My affection for houseplants began the first time I lived alone. Plants were the only thing that changed while I was at work. Checking on them and observing their growth, needs and unique characteristics intrigued me.

Houseplants depend on light, humidity, spacing, location

In Victoria, our home has tinted windows that are energy-efficient but don’t provide enough light for flowering plants. So our current collection of houseplants is predominantly green.

I’m eager for more colorful houseplants, so we have placed a grow light in a room with a southwest exposure. Placement and humidity along with location will affect my indoor plants.

Crotons (Codiaeum varigatum Petra or Mammy or Sunny Star)

Currently we have Petra crotons among the pumpkins at the front door.

  • Outdoors

The Petra croton is variegated with shades of red, orange, yellow and green. When temperatures dip below 55 degrees, it will be necessary to bring them inside.

  • Indoors

These variegated plants are sun worshippers.

  • Color enhances with light

Crotons do best in direct sun, so place them in south- or east-facing windows. The more sun they get, the more colorful their leaves will be. Our new grow-light will give them the extra light they need.

  • Thrive in humidity

Crotons thrive in humidity, so regularly mist their leaves. If your home is dry in the winter, you may consider adding a humidifier for them.

Another helpful technique for adding humidity is to set plants on a shallow pebble-filled tray of water. As the water in the tray evaporates, it will add moisture to the air around the plants.

Ti plant (Cordyline fruticose)

For centuries, Ti plants have been considered sacred by Hawaiians and when planted around a home to bring good luck. They are striking with their lance-shaped foliage and exotic color combinations.

Most varieties have purple foliage variegated with streaks of hot pink, cream, white, green, gold or red.


Like crotons, Ti plants thrive in full sun and warm temperatures.

  • Less light, more green

When this colorful plant doesn’t get enough light, its leaves show less variegation and more green. The plant’s color will also fade if the temperature is too low.


Its leaf tips will brown if the plant stays dry for too long or needs fertilizing.

  • Prevent brown tips with feeding, watering as prescribed

March through August, fertilize every two weeks to optimize its growth and vitality.

Use rainwater or distilled water to avoid adding fluoride or chloride that’s often found in tap water. These chemicals are mildly toxic to Ti plants. Or you can let tap water sit for 24 hours before watering so the chemicals will dissipate.

  • Sponge/regularly mist leaves for enhanced color

Some gardeners recommend sponging Ti leaves to remove dust and to make them look brighter. This practice also protects against spider mites that grow in dry conditions.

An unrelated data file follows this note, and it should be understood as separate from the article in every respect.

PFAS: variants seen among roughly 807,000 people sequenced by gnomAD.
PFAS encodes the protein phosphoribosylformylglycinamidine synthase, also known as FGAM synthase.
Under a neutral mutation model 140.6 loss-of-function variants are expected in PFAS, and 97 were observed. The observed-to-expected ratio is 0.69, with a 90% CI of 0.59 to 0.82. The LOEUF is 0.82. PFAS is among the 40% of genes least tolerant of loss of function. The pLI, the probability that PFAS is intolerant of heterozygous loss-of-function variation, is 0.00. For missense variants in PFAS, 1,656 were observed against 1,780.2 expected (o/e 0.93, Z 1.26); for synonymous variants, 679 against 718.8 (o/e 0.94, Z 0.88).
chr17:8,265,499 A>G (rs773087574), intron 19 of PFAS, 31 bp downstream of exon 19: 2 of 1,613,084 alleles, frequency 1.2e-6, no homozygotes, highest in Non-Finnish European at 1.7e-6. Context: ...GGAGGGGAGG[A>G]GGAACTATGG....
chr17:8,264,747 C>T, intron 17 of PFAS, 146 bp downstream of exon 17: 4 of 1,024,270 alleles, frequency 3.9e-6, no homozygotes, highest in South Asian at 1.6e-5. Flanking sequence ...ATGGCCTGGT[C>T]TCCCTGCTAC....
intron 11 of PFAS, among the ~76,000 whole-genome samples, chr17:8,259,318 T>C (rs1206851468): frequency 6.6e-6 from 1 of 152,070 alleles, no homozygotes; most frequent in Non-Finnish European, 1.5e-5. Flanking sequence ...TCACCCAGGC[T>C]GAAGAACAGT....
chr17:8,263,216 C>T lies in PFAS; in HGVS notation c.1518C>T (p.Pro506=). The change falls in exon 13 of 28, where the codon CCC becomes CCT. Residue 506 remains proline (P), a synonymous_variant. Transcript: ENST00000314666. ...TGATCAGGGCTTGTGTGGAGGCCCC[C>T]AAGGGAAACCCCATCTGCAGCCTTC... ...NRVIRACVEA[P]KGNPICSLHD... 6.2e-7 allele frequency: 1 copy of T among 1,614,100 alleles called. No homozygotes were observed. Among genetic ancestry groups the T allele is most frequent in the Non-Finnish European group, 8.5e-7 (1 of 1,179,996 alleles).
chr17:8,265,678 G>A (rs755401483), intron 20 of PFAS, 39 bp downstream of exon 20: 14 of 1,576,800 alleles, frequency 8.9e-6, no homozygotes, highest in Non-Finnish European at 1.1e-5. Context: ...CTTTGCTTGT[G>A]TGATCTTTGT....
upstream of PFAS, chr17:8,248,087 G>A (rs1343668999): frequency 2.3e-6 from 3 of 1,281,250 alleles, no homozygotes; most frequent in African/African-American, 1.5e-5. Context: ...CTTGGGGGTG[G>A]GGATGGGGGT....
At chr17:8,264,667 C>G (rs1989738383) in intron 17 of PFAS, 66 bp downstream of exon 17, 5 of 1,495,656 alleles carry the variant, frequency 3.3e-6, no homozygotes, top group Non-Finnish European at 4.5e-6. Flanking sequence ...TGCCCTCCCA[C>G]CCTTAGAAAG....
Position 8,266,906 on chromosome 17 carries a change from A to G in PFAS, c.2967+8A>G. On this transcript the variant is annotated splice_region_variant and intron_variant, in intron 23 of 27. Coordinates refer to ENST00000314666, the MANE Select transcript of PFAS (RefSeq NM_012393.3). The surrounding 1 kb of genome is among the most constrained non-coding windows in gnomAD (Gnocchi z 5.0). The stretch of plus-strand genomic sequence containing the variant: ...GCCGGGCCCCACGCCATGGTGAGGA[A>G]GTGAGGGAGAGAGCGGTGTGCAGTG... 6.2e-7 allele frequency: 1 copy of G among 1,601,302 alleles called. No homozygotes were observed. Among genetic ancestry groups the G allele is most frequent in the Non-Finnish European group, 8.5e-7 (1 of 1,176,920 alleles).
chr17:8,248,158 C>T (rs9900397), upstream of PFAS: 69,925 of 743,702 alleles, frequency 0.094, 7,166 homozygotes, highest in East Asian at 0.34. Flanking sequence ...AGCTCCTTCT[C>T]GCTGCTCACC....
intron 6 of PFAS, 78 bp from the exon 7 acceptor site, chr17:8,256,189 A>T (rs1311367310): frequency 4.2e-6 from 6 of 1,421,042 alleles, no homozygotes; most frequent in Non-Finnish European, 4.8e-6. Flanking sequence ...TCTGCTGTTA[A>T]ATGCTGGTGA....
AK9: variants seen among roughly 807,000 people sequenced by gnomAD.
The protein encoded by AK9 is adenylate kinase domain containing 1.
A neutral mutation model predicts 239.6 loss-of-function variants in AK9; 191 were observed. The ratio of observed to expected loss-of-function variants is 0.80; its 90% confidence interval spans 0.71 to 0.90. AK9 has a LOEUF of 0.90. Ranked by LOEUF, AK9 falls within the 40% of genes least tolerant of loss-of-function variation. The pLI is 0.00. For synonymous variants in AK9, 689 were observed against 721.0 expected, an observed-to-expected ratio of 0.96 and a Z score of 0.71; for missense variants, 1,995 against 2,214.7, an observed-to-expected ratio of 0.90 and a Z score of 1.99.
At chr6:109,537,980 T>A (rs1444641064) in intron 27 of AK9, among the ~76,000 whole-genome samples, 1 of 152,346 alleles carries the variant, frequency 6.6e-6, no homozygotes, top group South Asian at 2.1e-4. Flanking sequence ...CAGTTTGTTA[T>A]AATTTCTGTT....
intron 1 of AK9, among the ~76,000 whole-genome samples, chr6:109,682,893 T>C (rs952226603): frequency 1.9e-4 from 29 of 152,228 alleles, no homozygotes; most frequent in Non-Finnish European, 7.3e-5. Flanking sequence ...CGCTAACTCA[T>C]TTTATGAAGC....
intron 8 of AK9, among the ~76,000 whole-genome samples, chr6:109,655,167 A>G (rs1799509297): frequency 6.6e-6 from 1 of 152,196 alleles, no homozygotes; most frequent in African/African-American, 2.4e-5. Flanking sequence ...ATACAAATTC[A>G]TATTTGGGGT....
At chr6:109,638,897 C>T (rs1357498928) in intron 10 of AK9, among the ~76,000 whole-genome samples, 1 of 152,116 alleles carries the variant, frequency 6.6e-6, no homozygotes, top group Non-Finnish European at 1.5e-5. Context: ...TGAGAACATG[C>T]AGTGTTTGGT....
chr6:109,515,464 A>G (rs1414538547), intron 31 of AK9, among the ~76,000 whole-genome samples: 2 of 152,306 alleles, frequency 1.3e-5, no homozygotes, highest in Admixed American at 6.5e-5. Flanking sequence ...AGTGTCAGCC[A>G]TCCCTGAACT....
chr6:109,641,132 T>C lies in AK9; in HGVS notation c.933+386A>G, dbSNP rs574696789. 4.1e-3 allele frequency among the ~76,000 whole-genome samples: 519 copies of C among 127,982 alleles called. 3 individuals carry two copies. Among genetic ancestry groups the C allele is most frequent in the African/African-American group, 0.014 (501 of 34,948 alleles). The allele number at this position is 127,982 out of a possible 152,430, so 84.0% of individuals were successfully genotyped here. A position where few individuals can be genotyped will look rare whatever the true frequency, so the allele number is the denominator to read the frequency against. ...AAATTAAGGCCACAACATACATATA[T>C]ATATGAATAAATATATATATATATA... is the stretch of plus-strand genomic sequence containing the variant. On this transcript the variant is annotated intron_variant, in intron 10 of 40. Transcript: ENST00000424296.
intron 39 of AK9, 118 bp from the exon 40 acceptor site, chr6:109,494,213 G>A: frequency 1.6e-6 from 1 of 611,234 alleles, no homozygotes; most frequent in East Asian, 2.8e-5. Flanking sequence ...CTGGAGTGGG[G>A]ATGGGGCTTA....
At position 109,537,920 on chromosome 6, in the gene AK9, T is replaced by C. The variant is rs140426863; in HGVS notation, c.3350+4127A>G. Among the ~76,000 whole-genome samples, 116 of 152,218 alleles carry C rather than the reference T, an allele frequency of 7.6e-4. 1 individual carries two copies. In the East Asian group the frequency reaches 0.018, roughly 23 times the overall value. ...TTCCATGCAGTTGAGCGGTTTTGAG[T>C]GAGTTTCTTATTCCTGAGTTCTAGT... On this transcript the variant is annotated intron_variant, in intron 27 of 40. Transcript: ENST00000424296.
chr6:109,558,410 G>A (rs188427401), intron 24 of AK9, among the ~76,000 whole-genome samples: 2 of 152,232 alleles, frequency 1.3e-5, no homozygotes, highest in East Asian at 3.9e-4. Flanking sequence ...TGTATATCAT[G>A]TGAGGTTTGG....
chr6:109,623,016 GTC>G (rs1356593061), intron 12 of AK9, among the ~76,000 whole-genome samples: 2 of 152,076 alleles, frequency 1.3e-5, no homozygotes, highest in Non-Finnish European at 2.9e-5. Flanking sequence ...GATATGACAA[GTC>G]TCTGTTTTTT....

Since Ti plants thrive in humidity, a cool mist humidifier works best but may not be practical. Ti plants will do well if their leaves have regular misting.

  • Provides height and color to arrangements

Ti plants grow from 2- to 6-feet tall and will provide height as well as color to house plant arrangements. If the plant gets too tall, cut it back at the top. New branches will grow from its base after pruning and prevent it from getting too leggy.

Bloodleaf (Iresine)

This year my husband’s favorite plant is the red iresine Brillantissma also known as the bloodleaf plant.


  • Thrives with filtered light, daily watering

It has thrived on the patio with morning sun and afternoon shade along with daily watering.

  • Feeding, trimming for branching

Feeding garden-planted bloodleaf plants weekly from March to August will help them grow up to 5 feet tall with a spread of 3 feet. In a container, it will grow 12 to 24 inches tall.

Young plants should be trimmed a number of times so they will branch nicely.

Originally from Brazil, bloodleaf plants have been described as colorful, hardy and tough. They have brilliant red leaves that are variegated with dark green and white markings and pinkish red stems.


As a houseplant, bloodleaf plants need a loamy, soil-based potting mixture and a sunny location.

  • Needs light, moderate humidity

In a location with light from two sides, its leaves glow like burgundy. If the plant doesn’t get enough light, it will become dark and leggy.

Like the croton and ti plants, bloodleaf plants do not tolerate dry, heated air. They like moderate humidity and misting.

These three colorful patio plants have similar needs and will transition to houseplants with at least 6 hours of sunlight daily, good humidity and moderate watering. All will add color, texture and interest to indoor winter rooms.

The Gardeners’ Dirt is written by members of the Victoria County Master Gardener Association, an educational outreach of Texas A&M AgriLife Extension – Victoria County. Mail your questions in care of the Advocate, P.O. Box 1518, Victoria, TX 77901; or, or comment on this column at

You must be logged in to react.
Click any reaction to login.

(0) comments

Welcome to the discussion.

Transparency. Your full name is required.
Keep it Clean. Please avoid obscene, vulgar, lewd, racist or sexually-oriented language.
Don't Threaten. Threats of harming another person will not be tolerated.
Be Truthful. Don't knowingly lie about anyone or anything.
Be Nice. No racism, sexism or any sort of -ism that is degrading to another person.
Be Proactive. Use the 'Report' link on each comment to let us know of abusive posts.
Share with Us. We'd love to hear eyewitness accounts, the history behind an article. And receive photos, videos of what you see.
Don’t be a troll. Don’t be a troll. Don’t post inflammatory or off-topic messages, or personal attacks.

Thank you for Reading!

Please log in, or sign up for a new account and purchase a subscription to read or post comments.

To subscribe, click here. Already a subscriber? Click here.